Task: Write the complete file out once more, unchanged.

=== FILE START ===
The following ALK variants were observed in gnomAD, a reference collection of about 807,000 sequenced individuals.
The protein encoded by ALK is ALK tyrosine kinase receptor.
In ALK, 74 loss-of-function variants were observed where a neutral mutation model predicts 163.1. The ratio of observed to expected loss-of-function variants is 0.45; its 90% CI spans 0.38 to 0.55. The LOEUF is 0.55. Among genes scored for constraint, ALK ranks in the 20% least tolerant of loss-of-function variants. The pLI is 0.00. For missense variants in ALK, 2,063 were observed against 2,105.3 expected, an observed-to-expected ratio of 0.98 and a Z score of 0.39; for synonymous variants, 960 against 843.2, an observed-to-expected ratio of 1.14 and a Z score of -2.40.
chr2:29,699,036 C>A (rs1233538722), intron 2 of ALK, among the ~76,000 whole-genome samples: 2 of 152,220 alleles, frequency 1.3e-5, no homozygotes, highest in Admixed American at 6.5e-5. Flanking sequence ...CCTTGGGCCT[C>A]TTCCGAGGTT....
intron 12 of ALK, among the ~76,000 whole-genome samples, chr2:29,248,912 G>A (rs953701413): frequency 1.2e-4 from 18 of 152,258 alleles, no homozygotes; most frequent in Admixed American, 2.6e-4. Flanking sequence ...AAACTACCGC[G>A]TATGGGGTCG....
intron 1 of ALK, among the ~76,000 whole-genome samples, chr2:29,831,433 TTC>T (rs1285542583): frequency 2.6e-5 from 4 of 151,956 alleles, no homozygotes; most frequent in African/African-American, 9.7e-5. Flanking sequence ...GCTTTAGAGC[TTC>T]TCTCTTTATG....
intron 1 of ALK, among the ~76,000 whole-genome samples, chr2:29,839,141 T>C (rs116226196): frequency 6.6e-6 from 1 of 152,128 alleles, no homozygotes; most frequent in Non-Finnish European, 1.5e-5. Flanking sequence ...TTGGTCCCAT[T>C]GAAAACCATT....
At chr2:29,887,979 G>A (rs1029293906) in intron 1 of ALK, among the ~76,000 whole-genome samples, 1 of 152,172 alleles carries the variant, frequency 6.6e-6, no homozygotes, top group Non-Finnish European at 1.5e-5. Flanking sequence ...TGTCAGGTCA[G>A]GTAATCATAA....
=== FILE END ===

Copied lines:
The following ALK variants were observed in gnomAD, a reference collection of about 807,000 sequenced individuals.
The protein encoded by ALK is ALK tyrosine kinase receptor.
In ALK, 74 loss-of-function variants were observed where a neutral mutation model predicts 163.1. The ratio of observed to expected loss-of-function variants is 0.45; its 90% CI spans 0.38 to 0.55. The LOEUF is 0.55. Among genes scored for constraint, ALK ranks in the 20% least tolerant of loss-of-function variants. The pLI is 0.00. For missense variants in ALK, 2,063 were observed against 2,105.3 expected, an observed-to-expected ratio of 0.98 and a Z score of 0.39; for synonymous variants, 960 against 843.2, an observed-to-expected ratio of 1.14 and a Z score of -2.40.
chr2:29,699,036 C>A (rs1233538722), intron 2 of ALK, among the ~76,000 whole-genome samples: 2 of 152,220 alleles, frequency 1.3e-5, no homozygotes, highest in Admixed American at 6.5e-5. Flanking sequence ...CCTTGGGCCT[C>A]TTCCGAGGTT....
intron 12 of ALK, among the ~76,000 whole-genome samples, chr2:29,248,912 G>A (rs953701413): frequency 1.2e-4 from 18 of 152,258 alleles, no homozygotes; most frequent in Admixed American, 2.6e-4. Flanking sequence ...AAACTACCGC[G>A]TATGGGGTCG....
intron 1 of ALK, among the ~76,000 whole-genome samples, chr2:29,831,433 TTC>T (rs1285542583): frequency 2.6e-5 from 4 of 151,956 alleles, no homozygotes; most frequent in African/African-American, 9.7e-5. Flanking sequence ...GCTTTAGAGC[TTC>T]TCTCTTTATG....
intron 1 of ALK, among the ~76,000 whole-genome samples, chr2:29,839,141 T>C (rs116226196): frequency 6.6e-6 from 1 of 152,128 alleles, no homozygotes; most frequent in Non-Finnish European, 1.5e-5. Flanking sequence ...TTGGTCCCAT[T>C]GAAAACCATT....
At chr2:29,887,979 G>A (rs1029293906) in intron 1 of ALK, among the ~76,000 whole-genome samples, 1 of 152,172 alleles carries the variant, frequency 6.6e-6, no homozygotes, top group Non-Finnish European at 1.5e-5. Flanking sequence ...TGTCAGGTCA[G>A]GTAATCATAA....